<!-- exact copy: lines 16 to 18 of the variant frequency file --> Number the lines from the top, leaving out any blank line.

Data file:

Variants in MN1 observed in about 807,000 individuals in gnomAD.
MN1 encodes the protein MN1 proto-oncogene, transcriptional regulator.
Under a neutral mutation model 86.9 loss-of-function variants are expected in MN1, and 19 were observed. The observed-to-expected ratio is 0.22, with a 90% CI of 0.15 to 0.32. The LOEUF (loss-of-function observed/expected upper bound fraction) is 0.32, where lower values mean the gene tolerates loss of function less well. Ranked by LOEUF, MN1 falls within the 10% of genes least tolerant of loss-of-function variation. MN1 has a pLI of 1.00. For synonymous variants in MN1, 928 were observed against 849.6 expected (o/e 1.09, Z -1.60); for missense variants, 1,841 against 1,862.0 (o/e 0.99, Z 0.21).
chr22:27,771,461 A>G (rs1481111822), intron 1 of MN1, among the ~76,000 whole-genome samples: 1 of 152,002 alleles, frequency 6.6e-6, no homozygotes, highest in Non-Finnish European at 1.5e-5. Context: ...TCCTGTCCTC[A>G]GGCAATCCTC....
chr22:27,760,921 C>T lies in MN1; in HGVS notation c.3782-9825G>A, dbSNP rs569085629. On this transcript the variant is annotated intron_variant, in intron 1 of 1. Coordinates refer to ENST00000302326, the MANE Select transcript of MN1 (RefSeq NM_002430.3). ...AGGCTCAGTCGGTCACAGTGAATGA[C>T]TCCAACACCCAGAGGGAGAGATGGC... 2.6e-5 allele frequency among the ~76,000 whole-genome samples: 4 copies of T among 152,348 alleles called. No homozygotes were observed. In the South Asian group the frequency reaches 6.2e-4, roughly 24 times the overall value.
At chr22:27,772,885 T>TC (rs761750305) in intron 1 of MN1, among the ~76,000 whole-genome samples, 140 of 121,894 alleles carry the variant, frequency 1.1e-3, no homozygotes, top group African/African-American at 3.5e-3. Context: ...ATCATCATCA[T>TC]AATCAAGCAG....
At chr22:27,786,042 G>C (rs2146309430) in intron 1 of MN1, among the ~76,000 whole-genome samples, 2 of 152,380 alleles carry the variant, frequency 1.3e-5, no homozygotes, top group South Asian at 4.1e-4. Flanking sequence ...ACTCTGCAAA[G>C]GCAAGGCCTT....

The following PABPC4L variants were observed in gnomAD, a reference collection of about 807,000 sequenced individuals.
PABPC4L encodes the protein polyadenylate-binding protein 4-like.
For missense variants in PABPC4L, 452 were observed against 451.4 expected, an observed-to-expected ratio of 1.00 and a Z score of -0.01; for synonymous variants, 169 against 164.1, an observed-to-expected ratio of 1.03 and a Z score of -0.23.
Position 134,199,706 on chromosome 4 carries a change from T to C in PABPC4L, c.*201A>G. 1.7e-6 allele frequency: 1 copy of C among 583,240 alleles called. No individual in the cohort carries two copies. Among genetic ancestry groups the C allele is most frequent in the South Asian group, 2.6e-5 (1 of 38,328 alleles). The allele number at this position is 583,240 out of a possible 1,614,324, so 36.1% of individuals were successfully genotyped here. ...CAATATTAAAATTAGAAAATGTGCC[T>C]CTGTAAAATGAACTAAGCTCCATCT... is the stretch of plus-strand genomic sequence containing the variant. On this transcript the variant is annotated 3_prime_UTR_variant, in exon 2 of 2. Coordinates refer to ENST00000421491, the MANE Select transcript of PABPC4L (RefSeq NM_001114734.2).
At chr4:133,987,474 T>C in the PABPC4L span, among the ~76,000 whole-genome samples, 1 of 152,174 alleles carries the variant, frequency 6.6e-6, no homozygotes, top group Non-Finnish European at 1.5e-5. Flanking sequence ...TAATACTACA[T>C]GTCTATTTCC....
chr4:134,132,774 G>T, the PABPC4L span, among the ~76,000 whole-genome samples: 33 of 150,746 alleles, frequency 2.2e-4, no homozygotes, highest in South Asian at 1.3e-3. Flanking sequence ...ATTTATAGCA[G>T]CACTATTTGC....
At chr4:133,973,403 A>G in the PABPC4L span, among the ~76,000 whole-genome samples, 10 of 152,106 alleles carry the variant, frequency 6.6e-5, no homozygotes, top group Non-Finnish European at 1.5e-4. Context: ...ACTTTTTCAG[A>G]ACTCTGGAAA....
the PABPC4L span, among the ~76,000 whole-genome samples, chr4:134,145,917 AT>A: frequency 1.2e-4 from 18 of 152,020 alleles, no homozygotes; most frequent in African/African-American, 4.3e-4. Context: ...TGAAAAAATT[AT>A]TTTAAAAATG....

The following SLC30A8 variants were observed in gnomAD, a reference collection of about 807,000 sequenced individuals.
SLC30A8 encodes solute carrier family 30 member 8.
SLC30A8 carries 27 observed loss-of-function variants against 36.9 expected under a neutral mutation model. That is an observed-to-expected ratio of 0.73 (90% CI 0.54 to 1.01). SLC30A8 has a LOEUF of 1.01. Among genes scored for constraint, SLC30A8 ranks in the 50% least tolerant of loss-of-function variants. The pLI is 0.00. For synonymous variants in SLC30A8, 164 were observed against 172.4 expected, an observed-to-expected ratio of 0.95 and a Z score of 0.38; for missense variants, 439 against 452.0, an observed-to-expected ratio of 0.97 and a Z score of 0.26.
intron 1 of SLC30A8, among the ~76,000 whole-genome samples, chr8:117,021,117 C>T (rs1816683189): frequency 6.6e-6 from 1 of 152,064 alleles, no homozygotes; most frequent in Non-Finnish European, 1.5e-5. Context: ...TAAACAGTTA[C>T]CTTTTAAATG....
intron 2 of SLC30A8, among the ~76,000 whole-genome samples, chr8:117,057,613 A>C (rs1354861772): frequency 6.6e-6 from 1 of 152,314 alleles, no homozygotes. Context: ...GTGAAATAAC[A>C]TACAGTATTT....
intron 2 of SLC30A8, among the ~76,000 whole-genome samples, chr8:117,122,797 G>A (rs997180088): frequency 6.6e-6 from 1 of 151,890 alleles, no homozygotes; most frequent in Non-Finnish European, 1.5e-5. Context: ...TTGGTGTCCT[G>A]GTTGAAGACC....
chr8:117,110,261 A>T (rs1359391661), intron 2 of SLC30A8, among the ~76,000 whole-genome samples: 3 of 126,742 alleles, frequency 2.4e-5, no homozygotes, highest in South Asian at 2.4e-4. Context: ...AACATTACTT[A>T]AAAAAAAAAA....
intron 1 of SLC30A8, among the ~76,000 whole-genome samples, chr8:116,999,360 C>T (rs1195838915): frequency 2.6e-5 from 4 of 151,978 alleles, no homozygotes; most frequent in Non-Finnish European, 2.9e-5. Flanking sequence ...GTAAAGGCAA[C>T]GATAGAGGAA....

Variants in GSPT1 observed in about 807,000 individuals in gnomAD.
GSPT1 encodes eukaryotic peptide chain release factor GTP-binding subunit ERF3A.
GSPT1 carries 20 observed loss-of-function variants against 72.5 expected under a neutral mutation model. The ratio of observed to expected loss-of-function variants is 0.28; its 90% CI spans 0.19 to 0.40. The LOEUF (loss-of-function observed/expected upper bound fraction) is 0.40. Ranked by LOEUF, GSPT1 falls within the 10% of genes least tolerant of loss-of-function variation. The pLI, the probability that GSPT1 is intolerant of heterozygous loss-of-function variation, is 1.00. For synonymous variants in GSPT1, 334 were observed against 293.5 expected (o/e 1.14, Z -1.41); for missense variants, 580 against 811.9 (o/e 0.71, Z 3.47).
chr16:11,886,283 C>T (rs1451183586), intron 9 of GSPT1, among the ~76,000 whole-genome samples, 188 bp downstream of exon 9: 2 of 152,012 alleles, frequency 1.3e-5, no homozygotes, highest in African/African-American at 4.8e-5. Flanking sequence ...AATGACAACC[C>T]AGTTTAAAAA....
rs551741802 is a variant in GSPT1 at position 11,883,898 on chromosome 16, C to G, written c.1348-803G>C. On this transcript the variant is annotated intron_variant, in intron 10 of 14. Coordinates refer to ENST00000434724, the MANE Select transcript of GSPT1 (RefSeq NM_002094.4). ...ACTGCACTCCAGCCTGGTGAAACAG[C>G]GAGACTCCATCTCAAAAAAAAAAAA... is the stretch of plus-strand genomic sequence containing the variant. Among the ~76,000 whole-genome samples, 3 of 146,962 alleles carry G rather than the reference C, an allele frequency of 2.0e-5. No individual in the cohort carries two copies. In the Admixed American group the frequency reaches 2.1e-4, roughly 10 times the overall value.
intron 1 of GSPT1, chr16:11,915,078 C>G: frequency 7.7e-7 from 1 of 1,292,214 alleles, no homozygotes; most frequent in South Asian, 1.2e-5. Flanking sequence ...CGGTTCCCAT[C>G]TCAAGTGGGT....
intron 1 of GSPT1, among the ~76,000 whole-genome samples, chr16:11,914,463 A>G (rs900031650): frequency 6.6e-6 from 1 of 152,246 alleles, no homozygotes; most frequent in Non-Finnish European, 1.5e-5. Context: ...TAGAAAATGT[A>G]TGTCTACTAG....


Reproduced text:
The following SLC30A8 variants were observed in gnomAD, a reference collection of about 807,000 sequenced individuals.
SLC30A8 encodes solute carrier family 30 member 8.
SLC30A8 carries 27 observed loss-of-function variants against 36.9 expected under a neutral mutation model. That is an observed-to-expected ratio of 0.73 (90% CI 0.54 to 1.01). SLC30A8 has a LOEUF of 1.01. Among genes scored for constraint, SLC30A8 ranks in the 50% least tolerant of loss-of-function variants. The pLI is 0.00. For synonymous variants in SLC30A8, 164 were observed against 172.4 expected, an observed-to-expected ratio of 0.95 and a Z score of 0.38; for missense variants, 439 against 452.0, an observed-to-expected ratio of 0.97 and a Z score of 0.26.